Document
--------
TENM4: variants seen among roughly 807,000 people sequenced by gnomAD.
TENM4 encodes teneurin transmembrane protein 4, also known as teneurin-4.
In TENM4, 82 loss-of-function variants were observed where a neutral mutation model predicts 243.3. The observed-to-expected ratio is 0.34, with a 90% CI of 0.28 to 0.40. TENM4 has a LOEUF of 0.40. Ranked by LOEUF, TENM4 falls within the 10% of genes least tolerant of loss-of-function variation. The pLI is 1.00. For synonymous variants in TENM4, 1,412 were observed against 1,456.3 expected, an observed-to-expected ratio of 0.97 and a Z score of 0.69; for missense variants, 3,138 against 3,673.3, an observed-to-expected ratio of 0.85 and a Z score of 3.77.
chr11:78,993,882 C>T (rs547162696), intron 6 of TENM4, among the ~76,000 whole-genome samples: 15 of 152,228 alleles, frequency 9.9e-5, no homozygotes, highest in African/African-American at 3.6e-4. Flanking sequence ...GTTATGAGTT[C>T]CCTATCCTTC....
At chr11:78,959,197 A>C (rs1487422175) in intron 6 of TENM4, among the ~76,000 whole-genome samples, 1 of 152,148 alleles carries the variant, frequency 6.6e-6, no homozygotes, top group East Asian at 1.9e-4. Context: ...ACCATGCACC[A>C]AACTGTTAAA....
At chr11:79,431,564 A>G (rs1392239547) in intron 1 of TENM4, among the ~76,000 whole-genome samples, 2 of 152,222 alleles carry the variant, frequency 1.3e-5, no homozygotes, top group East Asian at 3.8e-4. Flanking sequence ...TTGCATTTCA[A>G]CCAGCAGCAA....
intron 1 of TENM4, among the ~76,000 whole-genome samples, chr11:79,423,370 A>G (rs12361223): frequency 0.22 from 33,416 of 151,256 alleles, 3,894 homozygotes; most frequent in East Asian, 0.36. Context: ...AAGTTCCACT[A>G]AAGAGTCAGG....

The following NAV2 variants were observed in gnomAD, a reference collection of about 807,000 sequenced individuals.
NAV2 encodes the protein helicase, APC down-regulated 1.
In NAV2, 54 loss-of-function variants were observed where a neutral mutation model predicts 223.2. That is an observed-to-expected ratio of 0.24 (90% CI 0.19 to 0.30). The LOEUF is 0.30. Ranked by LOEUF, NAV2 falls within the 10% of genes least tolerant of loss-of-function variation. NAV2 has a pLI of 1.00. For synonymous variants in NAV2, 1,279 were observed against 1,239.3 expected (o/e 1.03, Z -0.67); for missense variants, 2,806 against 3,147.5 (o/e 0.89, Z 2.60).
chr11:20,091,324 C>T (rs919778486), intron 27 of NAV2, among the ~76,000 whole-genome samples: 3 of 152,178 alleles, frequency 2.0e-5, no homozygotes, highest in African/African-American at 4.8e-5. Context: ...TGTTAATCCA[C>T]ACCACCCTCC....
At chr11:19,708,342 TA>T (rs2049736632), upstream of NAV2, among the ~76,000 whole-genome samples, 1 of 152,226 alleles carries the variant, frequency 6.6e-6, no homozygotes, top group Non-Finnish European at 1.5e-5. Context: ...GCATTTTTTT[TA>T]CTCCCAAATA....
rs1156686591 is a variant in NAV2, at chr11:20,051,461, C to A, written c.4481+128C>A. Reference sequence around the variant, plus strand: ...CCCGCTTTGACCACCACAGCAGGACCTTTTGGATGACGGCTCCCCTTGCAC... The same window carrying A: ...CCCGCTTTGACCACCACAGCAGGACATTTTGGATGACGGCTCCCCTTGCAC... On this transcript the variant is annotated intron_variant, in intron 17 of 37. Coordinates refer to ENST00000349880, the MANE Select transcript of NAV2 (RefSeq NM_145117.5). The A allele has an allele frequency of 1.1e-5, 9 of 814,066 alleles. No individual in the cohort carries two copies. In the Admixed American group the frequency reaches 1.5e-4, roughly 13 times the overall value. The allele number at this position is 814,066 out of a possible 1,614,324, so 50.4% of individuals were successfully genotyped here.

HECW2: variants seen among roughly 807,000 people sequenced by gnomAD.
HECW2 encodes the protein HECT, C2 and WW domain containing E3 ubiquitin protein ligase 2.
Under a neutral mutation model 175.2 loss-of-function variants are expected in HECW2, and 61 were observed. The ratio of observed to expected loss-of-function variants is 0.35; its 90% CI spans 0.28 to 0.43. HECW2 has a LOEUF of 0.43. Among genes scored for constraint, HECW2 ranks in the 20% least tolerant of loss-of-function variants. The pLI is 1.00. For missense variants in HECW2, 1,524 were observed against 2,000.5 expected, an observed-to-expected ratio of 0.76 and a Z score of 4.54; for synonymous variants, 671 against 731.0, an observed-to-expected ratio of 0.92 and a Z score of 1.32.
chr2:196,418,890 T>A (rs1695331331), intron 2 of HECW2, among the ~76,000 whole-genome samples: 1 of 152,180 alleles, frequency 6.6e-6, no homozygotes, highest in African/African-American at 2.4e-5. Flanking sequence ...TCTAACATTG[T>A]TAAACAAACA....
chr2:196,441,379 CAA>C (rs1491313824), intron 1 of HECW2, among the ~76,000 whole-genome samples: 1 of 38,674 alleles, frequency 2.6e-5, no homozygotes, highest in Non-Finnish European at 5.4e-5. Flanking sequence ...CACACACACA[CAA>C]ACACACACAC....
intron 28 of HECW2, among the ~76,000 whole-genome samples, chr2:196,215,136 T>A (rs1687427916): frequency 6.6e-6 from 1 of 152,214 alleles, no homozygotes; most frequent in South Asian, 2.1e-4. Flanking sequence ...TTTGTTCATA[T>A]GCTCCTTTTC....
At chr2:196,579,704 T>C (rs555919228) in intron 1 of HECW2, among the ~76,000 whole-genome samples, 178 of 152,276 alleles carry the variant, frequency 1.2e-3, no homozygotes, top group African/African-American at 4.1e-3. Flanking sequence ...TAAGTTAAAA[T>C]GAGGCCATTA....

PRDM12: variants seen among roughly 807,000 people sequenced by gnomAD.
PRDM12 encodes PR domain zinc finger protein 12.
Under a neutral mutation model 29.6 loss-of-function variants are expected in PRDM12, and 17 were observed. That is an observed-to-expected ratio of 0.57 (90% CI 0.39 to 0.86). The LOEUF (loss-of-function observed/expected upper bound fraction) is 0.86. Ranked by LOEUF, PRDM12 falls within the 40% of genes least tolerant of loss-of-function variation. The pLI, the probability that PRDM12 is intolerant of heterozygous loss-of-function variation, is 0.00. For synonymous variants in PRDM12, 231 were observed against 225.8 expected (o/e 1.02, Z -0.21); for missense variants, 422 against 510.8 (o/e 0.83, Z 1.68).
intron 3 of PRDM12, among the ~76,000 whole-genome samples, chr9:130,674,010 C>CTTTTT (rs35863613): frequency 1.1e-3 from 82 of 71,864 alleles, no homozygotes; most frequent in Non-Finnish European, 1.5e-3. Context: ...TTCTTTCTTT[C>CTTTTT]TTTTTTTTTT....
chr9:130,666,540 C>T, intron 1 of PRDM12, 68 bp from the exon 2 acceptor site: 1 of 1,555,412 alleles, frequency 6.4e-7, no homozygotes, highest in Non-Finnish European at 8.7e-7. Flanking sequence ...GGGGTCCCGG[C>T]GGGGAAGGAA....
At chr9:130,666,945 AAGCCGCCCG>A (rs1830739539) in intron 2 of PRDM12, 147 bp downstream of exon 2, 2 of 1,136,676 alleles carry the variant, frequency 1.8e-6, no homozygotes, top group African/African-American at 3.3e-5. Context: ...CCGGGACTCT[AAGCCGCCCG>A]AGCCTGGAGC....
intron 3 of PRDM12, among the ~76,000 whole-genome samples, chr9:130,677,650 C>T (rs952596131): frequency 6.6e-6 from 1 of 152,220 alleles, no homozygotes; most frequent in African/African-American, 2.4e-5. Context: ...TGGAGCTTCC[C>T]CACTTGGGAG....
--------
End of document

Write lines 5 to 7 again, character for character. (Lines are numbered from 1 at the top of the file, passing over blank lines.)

At chr11:78,959,197 A>C (rs1487422175) in intron 6 of TENM4, among the ~76,000 whole-genome samples, 1 of 152,148 alleles carries the variant, frequency 6.6e-6, no homozygotes, top group East Asian at 1.9e-4. Context: ...ACCATGCACC[A>C]AACTGTTAAA....
At chr11:79,431,564 A>G (rs1392239547) in intron 1 of TENM4, among the ~76,000 whole-genome samples, 2 of 152,222 alleles carry the variant, frequency 1.3e-5, no homozygotes, top group East Asian at 3.8e-4. Flanking sequence ...TTGCATTTCA[A>G]CCAGCAGCAA....
intron 1 of TENM4, among the ~76,000 whole-genome samples, chr11:79,423,370 A>G (rs12361223): frequency 0.22 from 33,416 of 151,256 alleles, 3,894 homozygotes; most frequent in East Asian, 0.36. Context: ...AAGTTCCACT[A>G]AAGAGTCAGG....